This language is redundant. An “agreement, policy, duty, or contractual obligation” is not a “technological measure,” so the exclusion in (B)(i) doesn’t actually subtract anything from (A). I gather that the language was added to make extra sure that courts know that the statute does not prohibit breaching TOS or a policy. So interpreted, perhaps the language is harmless. At the same time, I always worry that redundant language might lead courts astray. Courts like to invoke the maxim that every word or phrase in a statute should be treated as having meaning and not as surplusage. In light of that, the intentional addition of surplusage in (B)(i) may have the unintended effect of leading courts to read the definition in (A) more broadly to give the exclusion in (B)(i) independent meaning.
(B) does not include . . . (ii) efforts to prevent personal identification of a computer user, or identification of a user’s hardware device or software, through a user’s real name, personally identifiable information, or software program or hardware device identifier(s);
I assume the purpose of this language was to try to carve out an exception for IP and MAC address spoofing in light of the fact that Swartz did this in his accessing the MIT computer. Assuming such a carve out is a good idea — a question I’m not so sure about, but let’s assume that as a goal — the language here seems problematic. One of the core examples of “access without authorization” is using someone else’s password to access their private account without their permission. But it’s possible to read (B)(ii) as saying that this is legal. Imagine Joe runs a program designed to crack Sally’s password, and he uses the password to login to her account and read her personal e-mail. In that case, Joe is using a software program to try to get information to disguise himself as Sally (or someone with Sally’s permission) so he could access her e-mail. Isn’t that an example of “efforts to prevent personal identification of a computer user . . . through a . . . software program” that would be exempt from liability under this language?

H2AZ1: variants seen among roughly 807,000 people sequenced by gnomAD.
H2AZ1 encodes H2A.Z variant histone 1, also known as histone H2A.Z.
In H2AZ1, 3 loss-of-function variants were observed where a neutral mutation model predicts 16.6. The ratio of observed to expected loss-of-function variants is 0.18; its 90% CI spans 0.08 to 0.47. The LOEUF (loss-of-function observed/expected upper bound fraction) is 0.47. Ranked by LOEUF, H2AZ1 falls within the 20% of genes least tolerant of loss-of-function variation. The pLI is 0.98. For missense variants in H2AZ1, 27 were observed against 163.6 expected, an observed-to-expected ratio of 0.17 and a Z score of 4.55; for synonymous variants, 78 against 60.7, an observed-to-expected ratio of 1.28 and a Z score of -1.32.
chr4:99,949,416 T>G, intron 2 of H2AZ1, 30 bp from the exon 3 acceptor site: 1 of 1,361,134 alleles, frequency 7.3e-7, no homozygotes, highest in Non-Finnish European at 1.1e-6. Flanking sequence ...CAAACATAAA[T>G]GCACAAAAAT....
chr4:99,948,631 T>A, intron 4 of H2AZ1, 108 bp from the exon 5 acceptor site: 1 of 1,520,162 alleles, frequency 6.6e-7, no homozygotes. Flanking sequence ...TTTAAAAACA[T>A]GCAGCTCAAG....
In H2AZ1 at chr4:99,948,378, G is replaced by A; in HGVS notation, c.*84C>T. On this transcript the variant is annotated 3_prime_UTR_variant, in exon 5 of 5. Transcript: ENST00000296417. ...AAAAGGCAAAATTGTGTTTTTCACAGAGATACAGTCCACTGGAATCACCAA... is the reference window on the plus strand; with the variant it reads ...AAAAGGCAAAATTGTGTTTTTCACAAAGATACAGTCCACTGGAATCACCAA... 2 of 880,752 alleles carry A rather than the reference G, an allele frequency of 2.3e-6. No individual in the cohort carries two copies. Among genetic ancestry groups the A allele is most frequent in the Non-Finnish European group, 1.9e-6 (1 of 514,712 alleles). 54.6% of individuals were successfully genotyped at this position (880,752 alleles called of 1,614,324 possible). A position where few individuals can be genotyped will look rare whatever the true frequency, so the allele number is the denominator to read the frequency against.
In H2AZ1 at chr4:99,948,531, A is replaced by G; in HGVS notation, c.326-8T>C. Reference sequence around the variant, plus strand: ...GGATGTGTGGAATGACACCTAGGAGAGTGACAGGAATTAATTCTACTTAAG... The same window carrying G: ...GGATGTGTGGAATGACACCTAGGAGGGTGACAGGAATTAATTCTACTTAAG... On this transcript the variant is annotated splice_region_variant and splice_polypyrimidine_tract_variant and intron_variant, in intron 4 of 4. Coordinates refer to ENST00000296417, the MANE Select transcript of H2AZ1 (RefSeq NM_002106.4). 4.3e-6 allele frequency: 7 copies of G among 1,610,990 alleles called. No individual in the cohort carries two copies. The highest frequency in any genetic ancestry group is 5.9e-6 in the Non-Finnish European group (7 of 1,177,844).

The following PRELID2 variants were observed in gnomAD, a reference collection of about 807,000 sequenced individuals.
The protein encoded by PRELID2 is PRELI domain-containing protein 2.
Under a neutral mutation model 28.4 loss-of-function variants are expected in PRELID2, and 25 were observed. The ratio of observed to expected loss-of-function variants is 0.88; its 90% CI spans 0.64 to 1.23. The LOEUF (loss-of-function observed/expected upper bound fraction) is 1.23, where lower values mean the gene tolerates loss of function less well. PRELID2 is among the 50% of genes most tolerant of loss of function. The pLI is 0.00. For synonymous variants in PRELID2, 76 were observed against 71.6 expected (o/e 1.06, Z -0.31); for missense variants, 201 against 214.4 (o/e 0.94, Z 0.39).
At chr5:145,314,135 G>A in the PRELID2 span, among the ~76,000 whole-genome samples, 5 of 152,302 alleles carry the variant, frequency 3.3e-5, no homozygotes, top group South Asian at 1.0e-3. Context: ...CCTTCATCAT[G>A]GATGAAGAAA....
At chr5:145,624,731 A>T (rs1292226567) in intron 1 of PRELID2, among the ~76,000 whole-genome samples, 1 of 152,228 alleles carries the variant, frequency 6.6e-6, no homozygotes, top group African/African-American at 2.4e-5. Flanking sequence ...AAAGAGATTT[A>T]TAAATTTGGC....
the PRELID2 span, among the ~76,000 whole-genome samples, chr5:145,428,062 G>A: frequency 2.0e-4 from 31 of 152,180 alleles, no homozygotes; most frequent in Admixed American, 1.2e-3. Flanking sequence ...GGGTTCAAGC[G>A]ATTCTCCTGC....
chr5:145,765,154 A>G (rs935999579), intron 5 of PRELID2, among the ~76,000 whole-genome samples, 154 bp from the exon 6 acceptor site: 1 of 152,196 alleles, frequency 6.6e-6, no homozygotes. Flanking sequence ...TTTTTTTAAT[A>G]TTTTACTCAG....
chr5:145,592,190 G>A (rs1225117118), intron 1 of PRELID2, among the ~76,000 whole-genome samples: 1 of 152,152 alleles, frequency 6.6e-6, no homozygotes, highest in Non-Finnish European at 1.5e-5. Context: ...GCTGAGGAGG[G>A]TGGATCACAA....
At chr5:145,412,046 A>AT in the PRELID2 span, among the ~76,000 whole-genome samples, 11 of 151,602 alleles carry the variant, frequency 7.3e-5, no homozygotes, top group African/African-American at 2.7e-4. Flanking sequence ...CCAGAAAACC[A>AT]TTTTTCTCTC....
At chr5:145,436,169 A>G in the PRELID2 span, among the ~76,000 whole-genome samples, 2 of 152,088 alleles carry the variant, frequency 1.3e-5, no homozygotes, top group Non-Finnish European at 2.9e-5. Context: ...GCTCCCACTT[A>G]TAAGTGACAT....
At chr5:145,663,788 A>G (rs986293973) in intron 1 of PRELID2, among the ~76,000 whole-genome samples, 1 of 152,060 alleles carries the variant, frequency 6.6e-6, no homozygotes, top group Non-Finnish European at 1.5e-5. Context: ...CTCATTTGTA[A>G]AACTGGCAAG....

Finally, it’s worth noting the uncertainty of whether Swartz would have been criminally liable for violating the CFAA even under this version of “Aaron’s Law.” Swartz entered the closet at MIT and physically connected his laptop to the non-public MIT computer inside. Neither Lofgren’s latest draft nor my own proposed definition of “access with authorization” is clear about how to treat this kind of circumvention of physical access barriers. Let’s put the facts of the Swartz case aside and imagine a few hypotheticals. First, imagine you bring your laptop to a coffee shop and leave it there while you get up to get another latte. While you are up and not paying attention, a man you have never seen before takes his thumb drive and connects it to your machine to get information from your machine. Is the man accessing your computer without authorization, or has he not circumvented a technological access barrier? Next consider the difference between two situations. In the first situation, Sally’s computer workstation is set up in a room but is password protected. Joe accesses the computer by guessing the password, which is a classic case of access without authorization. In the second situation, Sally’s computer workstation is in a room but enclosed in steel box with a combination lock. Joe accesses the computer by guessing the combination on the lock, removing the case, and then using Sally’s machine. Should this also be access without authorization, or is there a difference between a password gate and a physical lock? How should the law treat physical access restrictions, and what kind of physical access restrictions should be covered under the statute? Perhaps the answer is all of them, in which case the word “technological” should be replaced by “technological or physical.” Or perhaps some kind of physical barriers should not be enough. Either way, it’s an issue that merits more attention. (Thanks to Harriet Pearson for raising it.)